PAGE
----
15 Kislev 5781 / Tuesday, December 01, 2020 | Torah Reading: Vayishlach
 
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HomeFoundations of JudaismJewish Daily Life and HalachaTake This Gift, My Son
 
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Take This Gift, My Son    

Take This Gift, My Son



The Torah commands us to learn Torah day and night, and we can’t very well fulfill this commandment if we’re glued to a television.

 



Judaism’s Attitude toward Television and Spectator Sports
 
Dear Rabbi Brody,
 
I’ve been a Baal Teshuva for two years now, and at the moment I’m somewhat stuck in the mud. I hear Orthodox rabbis yelling against television and spectator sports, and the truth is that it bothers me. Where’s it written in the Torah that a person can’t enjoy himself a little bit? You’re Chassidic and ultra-Orthodox, yet I see you in your film clips riding horses and cruising in speed boats – it looks like you’re having a great time. Who’s right, you or them? Thanks for your patience, Aaron from Los Angeles.
 
Dear Aaron,
 
First of all, there’s no difference in opinion between the leading rabbis of this generation and me, especially in the area of watching television and spectator sports. For the moment, I won’t comment about the content of television programs and the ideology of those who produce them, and I also won’t talk about the nature of things people see and hear in stadiums.
 
Television and spectator sports are problematic in that they pose a double danger: From one standpoint, the viewer is exposed to “spiritual bacteria” that are liable to destroy his or her emuna altogether. This is a very wide subject that we could devote a sea of ink to, but this is not the place. From a second standpoint, sitting in front of a television or watching spectator sports simply causes a bitul Torah, when you’re watching TV or football, you’re not learning Torah. The Torah commands us to learn Torah day and night, and we can’t very well fulfill this commandment if we’re glued to a television or if we’re spending 4 hours or more (travel, parking, and the game) at the stadium.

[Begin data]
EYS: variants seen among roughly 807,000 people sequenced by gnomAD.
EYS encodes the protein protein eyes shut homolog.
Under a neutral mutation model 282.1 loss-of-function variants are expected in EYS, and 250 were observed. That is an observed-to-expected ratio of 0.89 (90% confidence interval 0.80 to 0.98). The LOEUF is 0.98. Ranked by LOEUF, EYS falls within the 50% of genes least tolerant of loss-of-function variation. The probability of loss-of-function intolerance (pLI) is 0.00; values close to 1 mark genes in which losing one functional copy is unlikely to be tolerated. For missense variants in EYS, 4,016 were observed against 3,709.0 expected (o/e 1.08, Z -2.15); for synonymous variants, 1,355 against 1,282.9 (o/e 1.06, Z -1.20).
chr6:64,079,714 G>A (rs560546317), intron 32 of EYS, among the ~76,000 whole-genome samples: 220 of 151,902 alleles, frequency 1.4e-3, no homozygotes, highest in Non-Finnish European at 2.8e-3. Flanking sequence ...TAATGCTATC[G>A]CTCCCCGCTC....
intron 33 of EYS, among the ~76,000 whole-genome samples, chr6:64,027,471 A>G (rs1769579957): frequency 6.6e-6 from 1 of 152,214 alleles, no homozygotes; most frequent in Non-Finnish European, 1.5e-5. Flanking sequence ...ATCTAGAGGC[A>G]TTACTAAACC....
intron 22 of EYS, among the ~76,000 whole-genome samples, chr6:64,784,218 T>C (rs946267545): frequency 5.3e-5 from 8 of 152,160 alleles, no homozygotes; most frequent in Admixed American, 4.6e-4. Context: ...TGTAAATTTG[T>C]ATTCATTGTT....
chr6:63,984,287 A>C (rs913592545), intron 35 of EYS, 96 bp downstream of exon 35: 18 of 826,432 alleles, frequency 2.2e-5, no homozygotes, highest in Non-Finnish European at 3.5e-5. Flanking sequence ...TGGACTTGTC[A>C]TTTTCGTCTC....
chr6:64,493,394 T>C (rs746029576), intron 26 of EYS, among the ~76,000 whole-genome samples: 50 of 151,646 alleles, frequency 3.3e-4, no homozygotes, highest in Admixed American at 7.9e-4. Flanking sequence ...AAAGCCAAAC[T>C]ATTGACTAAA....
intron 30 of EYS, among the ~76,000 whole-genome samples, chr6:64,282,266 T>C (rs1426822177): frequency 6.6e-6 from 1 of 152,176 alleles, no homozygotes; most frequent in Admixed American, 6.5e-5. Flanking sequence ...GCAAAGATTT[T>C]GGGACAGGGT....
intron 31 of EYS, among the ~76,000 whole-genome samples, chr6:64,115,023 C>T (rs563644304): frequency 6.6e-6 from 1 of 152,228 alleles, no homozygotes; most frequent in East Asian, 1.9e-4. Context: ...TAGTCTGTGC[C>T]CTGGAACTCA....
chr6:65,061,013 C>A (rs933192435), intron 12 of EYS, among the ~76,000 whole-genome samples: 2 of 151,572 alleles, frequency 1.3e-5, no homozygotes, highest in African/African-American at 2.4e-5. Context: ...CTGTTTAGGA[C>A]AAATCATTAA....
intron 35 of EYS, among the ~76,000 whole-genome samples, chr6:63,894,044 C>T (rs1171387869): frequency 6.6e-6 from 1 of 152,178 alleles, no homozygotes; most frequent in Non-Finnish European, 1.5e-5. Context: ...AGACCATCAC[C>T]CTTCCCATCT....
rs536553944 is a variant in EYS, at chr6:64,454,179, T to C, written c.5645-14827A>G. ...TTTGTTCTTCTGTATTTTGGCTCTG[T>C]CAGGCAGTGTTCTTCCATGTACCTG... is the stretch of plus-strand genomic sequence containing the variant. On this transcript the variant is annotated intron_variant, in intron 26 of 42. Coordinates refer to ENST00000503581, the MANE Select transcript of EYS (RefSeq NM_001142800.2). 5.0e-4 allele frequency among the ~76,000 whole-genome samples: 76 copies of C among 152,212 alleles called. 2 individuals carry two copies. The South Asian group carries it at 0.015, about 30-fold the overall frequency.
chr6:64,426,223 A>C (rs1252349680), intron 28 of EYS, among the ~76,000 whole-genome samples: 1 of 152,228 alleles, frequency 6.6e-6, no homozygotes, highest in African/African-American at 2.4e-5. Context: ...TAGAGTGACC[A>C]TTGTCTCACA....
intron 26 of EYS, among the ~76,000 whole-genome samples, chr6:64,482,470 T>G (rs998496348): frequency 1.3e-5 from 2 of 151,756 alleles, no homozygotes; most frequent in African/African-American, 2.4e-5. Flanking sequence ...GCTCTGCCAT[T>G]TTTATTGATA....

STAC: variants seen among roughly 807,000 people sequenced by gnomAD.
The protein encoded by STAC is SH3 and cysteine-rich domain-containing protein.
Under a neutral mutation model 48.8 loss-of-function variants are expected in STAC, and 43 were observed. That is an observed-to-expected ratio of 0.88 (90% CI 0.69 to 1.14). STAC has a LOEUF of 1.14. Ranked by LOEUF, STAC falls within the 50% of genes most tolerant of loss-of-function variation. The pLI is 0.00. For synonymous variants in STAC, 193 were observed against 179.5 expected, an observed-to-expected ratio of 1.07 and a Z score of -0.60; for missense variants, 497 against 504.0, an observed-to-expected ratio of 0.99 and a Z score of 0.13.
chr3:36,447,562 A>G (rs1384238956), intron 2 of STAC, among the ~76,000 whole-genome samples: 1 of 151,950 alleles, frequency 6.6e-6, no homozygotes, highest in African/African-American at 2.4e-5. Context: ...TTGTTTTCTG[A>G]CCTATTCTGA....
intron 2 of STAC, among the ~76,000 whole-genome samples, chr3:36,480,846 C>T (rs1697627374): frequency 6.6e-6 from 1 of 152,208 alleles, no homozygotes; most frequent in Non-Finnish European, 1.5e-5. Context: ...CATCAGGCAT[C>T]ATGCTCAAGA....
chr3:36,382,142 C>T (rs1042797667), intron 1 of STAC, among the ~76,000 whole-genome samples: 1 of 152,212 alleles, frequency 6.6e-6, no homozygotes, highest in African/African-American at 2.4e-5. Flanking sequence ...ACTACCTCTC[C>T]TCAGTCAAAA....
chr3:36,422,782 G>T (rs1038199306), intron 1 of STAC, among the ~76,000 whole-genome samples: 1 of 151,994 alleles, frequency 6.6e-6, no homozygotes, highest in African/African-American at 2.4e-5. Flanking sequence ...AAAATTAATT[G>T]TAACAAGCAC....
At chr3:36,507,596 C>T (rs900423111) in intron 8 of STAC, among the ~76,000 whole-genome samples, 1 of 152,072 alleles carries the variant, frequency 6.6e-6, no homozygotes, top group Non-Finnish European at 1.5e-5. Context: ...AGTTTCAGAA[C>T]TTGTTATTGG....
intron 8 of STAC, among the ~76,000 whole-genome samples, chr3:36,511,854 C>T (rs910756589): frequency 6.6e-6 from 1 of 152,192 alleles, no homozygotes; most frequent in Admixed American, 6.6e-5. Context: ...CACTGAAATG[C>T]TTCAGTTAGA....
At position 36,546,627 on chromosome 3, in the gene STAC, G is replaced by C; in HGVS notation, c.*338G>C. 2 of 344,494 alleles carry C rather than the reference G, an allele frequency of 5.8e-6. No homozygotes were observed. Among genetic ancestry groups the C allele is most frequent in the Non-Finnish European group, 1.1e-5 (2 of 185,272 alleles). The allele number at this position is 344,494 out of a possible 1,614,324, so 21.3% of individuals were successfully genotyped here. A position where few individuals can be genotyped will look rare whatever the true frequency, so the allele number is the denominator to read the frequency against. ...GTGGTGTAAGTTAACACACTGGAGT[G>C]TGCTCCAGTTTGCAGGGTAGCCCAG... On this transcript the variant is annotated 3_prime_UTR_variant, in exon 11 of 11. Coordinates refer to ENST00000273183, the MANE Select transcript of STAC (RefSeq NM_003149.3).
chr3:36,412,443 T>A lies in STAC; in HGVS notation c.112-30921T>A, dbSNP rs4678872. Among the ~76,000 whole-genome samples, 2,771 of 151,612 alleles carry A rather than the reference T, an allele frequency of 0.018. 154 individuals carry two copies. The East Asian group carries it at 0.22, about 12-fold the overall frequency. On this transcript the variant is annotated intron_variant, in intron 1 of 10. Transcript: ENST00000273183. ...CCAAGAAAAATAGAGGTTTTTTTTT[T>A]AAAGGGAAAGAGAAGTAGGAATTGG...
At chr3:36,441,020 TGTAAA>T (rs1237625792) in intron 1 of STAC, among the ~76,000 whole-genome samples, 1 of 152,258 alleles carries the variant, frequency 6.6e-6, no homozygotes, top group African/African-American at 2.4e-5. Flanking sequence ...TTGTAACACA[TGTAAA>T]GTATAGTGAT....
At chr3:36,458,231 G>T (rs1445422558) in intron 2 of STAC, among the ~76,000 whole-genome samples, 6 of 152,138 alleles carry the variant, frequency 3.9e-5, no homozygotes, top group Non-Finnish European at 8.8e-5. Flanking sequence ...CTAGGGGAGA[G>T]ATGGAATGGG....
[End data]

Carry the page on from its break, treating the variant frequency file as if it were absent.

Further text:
The Chofetz Chaim writes in his introduction to the Mishna Brura, “…And one shall learn Torah day and night. It seems necessary for one to first learn the first of the four sections of the Code of Jewish Law – ‘Orach Chaim’ – for knowledge of this section is absolutely required to live one’s life, for without it a Jew can’t lift a foot or finger. We can also say that the Torah’s intent when it instructs us to ‘guard the laws and the statutes so one can live by them’ is that we should learn these laws, and one’s first learning should be the practical laws that he needs for every day of his life.”
 
Without preaching, the Chofetz Chaim is telling us that our lives depend on learning Torah, the particularly practical Halacha of the first section of Shulchan Aruch, namely Orach Chaim, upon which the Mishna Brura elaborates. Then again, there are practical Halachas in other sections of Shulchan Aruch which are mandatory learning, such as the laws of Kashrut and Family Purity that appear in the second section of Shulchan Aruch, Yora Dea. Learning Halacha (Jewish religious law) is critical; one’s life is dependent on learning Torah. How? A person that doesn’t know Halacha is liable to endanger his or her soul every single Shabbat or every time he puts a grain of food in his mouth. Family purity is just as serious. Do you kno the laws of Shabbat, family purity, and Kashrut inside and out? The Chattam Sofer says that if you don’t, you most likely have some severe transgressions to account for. Even if a person doesn’t intentionally transgress, his or her soul still becomes severely blemished from the transgression.